Ruggiero was known as a constant chatter-box, given his nick name "quack quack", providing a running commentary on everything going on around him. Everyone who visited him had to endure endless gossip, complaints and general indiscretions. +more The death of his brother Salvatore hit Ruggiero hard, and he was often overheard on FBI wiretaps in his Cedarhurst, New York, home wistfully speaking of his brother to Gerlando Sciascia and Joseph LoPresti, his two drug trafficking partners. Unlike his brother Salvatore who became a multi-millionaire from his successful large scale drug trafficking operation, Ruggiero would never rise above a wealthy street-level mobster. He later told Joseph LoPresti, "You know I lost my brother. I said to myself: "I'll have to get drunk". I had two vodkas . I went in my room, I closed the door and I cried. " The bugs also overheard Angelo saying how difficult it was accepting his brother's death because the body was in "fuckin pieces. " He added: "If he would have been shot in the head and [they] found him in the streets- that's part of our life, I could accept that. ".

Falling out with John Gotti and death

From jail, Gotti ordered the murder of Robert DiBernardo by Gravano; both DiBernardo and Ruggiero had been vying to succeed DeCicco as underboss until Ruggiero accused DiBernardo of challenging Gotti's leadership. When Ruggiero, also under indictment, had his bail revoked for his abrasive behavior in preliminary hearings, a frustrated Gotti instead promoted Armone to underboss.

After the first heroin trafficking case against Ruggiero, Gene Gotti and John Carneglia ended in a mistrial, because of jury tampering, Ruggiero remained in federal detention, his bail still revoked, for the second trial. This also resulted in a mistrial, again for suspected jury tampering. +more For the third trial, in 1989, Ruggiero was finally released on bail and served as a defendant in the case. He had terminal lung cancer. Later, his drug trafficking partners Gene Gotti and John Carneglia were both convicted and sentenced to 50 years. Sammy Gravano then heard that John wanted to have Ruggiero murdered for allowing himself to be recorded by the FBI. Gravano convinced Gotti that because Ruggiero was dying of cancer that it was not even worth it to carry out the execution. Instead, John stripped Ruggiero of his rank as caporegime of the Bergin crew and severed him from all criminal activities.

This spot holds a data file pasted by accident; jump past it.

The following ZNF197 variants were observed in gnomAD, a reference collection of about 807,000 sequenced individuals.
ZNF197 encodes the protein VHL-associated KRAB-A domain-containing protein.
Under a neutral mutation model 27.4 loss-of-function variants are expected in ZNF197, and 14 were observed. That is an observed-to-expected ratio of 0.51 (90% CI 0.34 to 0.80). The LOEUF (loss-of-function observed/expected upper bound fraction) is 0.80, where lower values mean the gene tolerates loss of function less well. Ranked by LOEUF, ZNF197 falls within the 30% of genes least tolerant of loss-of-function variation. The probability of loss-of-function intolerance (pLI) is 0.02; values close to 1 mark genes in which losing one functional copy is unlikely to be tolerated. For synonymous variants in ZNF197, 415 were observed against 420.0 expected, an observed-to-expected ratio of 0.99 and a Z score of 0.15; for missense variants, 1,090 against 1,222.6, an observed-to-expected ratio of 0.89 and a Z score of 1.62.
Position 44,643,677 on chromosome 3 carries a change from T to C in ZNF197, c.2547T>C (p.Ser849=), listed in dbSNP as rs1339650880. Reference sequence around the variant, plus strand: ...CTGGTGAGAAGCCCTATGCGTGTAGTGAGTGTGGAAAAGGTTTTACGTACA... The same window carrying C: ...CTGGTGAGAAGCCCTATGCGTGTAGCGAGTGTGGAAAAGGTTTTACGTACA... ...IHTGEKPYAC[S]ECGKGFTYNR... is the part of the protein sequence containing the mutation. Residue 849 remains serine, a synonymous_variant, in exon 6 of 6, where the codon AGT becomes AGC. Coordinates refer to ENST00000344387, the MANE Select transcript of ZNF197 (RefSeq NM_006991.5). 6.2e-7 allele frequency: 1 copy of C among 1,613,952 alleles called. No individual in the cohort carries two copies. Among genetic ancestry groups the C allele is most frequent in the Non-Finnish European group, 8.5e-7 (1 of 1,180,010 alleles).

After turning state's evidence to avoid prosecution, former underboss Gravano reported that during the last months of Ruggiero's life both he and Gene Gotti urged John to visit his near death childhood friend. Gotti refused to see his once loyal soldier and friend because he was still angry over Ruggiero's criminal activities being recorded on wire taps.

On Monday, December 4, 1989, Angelo Ruggiero died of cancer in Howard Beach, Queens, at the age of 49 years.

His son and namesake, Angelo Ruggiero Jr. , and Ruggiero Sr. +more's, paternal nephew Salvatore Ruggiero Jr. would later follow their fathers into an organized crime "career". Angelo Jr. was convicted of grand larceny in May, 1998, and sent to prison for one to three years.

Portrayals in film and television

He is portrayed by actor Vincent Pastore in the HBO television movie Gotti (1996). * He is portrayed by actor Johnny Williams in the NBC television movie Witness to the Mob (1998). +more * He is portrayed by actor Vito Rezza in the TNT television movie Boss of Bosses (2001). * He is portrayed by Pruitt Taylor Vince in the feature film Gotti (2018).

Further reading

Capeci, Jerry. The Complete Idiot's Guide to the Mafia. +more Indianapolis: Alpha Books, 2002. * Davis, John H. Mafia Dynasty: The Rise and Fall of the Gambino Crime Family. New York: HarperCollins, 1993. * Jacobs, James B. , Christopher Panarella and Jay Worthington. Busting the Mob: The United States Vs. Cosa Nostra. New York: NYU Press, 1994. * Maas, Peter. Underboss: Sammy the Bull Gravano's Story of Life in the Mafia. New York: HarperCollins Publishers, 1997. * Raab, Selwyn. Five Families: The Rise, Decline, and Resurgence of America's Most Powerful Mafia Empires. New York: St. Martin Press, 2005. * Willis, Clint (ed. ) Wise Guys: Stories of Mobsters from Jersey to Vegas. New York: Thunder's Mouth Press, 2003.